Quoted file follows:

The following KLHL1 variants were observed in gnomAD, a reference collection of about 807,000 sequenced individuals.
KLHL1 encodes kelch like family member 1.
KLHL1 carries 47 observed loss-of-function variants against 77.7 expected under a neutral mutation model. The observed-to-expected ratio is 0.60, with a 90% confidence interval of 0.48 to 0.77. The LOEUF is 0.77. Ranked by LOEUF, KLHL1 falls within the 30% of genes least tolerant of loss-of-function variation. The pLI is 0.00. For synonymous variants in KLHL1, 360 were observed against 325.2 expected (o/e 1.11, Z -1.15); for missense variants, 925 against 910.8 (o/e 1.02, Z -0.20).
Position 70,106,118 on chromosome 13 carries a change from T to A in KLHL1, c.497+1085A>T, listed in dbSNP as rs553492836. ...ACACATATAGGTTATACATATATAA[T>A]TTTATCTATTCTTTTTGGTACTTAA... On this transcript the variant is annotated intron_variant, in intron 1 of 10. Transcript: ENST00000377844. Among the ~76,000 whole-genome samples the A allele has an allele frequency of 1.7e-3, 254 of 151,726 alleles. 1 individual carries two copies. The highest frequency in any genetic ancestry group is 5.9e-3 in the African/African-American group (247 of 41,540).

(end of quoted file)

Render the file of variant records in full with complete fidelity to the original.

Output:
The following KLHL1 variants were observed in gnomAD, a reference collection of about 807,000 sequenced individuals.
KLHL1 encodes kelch like family member 1.
KLHL1 carries 47 observed loss-of-function variants against 77.7 expected under a neutral mutation model. The observed-to-expected ratio is 0.60, with a 90% confidence interval of 0.48 to 0.77. The LOEUF is 0.77. Ranked by LOEUF, KLHL1 falls within the 30% of genes least tolerant of loss-of-function variation. The pLI is 0.00. For synonymous variants in KLHL1, 360 were observed against 325.2 expected (o/e 1.11, Z -1.15); for missense variants, 925 against 910.8 (o/e 1.02, Z -0.20).
Position 70,106,118 on chromosome 13 carries a change from T to A in KLHL1, c.497+1085A>T, listed in dbSNP as rs553492836. ...ACACATATAGGTTATACATATATAA[T>A]TTTATCTATTCTTTTTGGTACTTAA... On this transcript the variant is annotated intron_variant, in intron 1 of 10. Transcript: ENST00000377844. Among the ~76,000 whole-genome samples the A allele has an allele frequency of 1.7e-3, 254 of 151,726 alleles. 1 individual carries two copies. The highest frequency in any genetic ancestry group is 5.9e-3 in the African/African-American group (247 of 41,540).